Ankylosing spondylitis

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Home Forums General Chit Chat Ankylosing spondylitis

This topic contains 3 replies, has 4 voices, and was last updated by  Tony Morley 4 years, 6 months ago.

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    Susan Staincliffe

    Middle aged sporty man with a history of upper back, neck pain and occipital headaches spreading up into the head.  Posture is generally of normal appearance but he is rigid in the thoracic area  on palpation which he finds tender.  He has been given a diagnosis of ankylosing spondylitis and was referred by his GP for acupuncture to help with headaches.  He  has had some low back pain with referred leg symptoms which responded well to the back block routine.


    Suggestions for the thoracic spine welcome please.



    Sarah Key

    I would treat him ‘completely normally’ Susan – that is, as if he doesn’t have AS at all.

    Tony Morley, you might like to comment here.

    I had a woman at one of my BIAWs a year or two ago who only realised she had AS in the week before she arrived (because I had asked her to have scans done). She had been a jogger up until that time and had the complete ‘bamboo spine’. She was very gung-ho and pro-active so insisted on using the BB  under her Thx (which I might have been slower than her to push) and initially her head was about 6 inches off the floor. Within a couple of weeks it was on the floor. Amazing result which i would not expect to see too often. She swears by the BB and only with using the BB can she continue an active life.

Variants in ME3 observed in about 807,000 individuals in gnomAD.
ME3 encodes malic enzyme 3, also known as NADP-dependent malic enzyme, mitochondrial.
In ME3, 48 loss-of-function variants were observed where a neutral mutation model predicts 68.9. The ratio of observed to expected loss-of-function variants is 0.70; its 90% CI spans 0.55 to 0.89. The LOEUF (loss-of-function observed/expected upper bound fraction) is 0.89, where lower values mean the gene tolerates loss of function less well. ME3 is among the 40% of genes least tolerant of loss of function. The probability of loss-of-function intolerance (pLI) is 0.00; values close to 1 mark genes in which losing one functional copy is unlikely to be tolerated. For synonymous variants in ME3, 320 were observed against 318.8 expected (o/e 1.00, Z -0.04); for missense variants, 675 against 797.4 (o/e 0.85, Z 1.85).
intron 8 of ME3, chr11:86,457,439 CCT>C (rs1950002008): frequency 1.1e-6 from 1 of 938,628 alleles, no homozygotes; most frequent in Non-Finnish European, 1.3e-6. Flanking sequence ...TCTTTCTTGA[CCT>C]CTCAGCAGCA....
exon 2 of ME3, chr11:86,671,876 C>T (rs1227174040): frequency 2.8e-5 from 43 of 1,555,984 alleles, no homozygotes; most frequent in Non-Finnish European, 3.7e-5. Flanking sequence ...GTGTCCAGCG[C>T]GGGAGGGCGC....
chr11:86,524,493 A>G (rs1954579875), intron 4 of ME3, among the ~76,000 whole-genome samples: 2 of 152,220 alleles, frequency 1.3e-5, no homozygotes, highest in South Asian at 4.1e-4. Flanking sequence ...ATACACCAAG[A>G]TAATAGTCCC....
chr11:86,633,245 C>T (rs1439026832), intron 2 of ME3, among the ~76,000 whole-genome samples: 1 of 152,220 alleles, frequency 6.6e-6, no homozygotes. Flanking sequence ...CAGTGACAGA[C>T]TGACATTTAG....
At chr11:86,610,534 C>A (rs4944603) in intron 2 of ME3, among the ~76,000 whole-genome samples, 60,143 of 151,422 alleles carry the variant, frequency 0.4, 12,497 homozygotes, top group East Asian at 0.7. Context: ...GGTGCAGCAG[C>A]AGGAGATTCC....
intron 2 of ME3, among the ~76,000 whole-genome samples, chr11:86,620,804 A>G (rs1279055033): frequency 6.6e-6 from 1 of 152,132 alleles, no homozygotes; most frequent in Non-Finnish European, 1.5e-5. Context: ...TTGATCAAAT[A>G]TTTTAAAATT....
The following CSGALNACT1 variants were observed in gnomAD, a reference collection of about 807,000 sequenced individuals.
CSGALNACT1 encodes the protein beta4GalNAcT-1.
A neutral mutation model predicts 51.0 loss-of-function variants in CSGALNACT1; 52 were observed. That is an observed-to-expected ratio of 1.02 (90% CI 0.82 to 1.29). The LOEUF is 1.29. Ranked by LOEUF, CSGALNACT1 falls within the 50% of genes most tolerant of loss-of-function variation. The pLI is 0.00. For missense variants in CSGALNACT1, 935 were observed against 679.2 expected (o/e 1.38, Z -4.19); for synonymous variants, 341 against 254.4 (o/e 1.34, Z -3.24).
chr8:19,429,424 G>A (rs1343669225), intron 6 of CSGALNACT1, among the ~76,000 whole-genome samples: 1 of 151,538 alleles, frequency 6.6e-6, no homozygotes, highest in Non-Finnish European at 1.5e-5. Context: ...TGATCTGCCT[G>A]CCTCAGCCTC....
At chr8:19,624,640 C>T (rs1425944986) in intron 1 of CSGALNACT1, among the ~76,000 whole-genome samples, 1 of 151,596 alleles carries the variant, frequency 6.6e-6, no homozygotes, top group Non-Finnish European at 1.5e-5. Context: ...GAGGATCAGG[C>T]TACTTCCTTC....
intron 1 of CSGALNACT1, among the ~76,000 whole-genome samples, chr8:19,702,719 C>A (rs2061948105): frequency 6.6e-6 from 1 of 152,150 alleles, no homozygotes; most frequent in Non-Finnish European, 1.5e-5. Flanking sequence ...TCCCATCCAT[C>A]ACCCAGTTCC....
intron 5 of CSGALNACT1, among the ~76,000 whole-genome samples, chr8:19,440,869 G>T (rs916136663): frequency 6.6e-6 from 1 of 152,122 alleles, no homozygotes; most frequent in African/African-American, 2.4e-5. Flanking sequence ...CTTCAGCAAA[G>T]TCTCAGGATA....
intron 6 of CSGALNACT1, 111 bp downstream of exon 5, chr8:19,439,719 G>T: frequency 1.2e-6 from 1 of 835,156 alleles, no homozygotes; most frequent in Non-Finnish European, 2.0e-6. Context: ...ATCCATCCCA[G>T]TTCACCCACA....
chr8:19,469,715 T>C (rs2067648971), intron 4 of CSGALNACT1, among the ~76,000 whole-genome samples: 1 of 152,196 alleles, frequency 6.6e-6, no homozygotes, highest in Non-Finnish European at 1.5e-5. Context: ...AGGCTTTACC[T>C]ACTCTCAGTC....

Take home message: dont hang back.


    Kirsten Pointer

    I am currently treating at 60 year old female who was diagnosed with AK 40 years ago.  Previously, self managing with mediaction for many years. Had a fall in January.  Since the fall increased thoracic pain, rib pain and increased kyphosis. Initially very kyphotic posture, with maximal loss of neck movement. This lady had been using the BB for 1/52,  her kyphosis has dramatically improved, and she is now able to look straight forwards rather than towards the ground.


    Tony Morley

    Hi Susan,

    Yes, as someone with AS and regularly treating AS, definitely treat as you would everyone else. Unless significant fusion and/or osteoporosis, then just be aware of normal contraindications to manual therapy. Although underlying inflammatory mechanism, there’s definitely a mechanical stiffness associated too. Movement gets movement!


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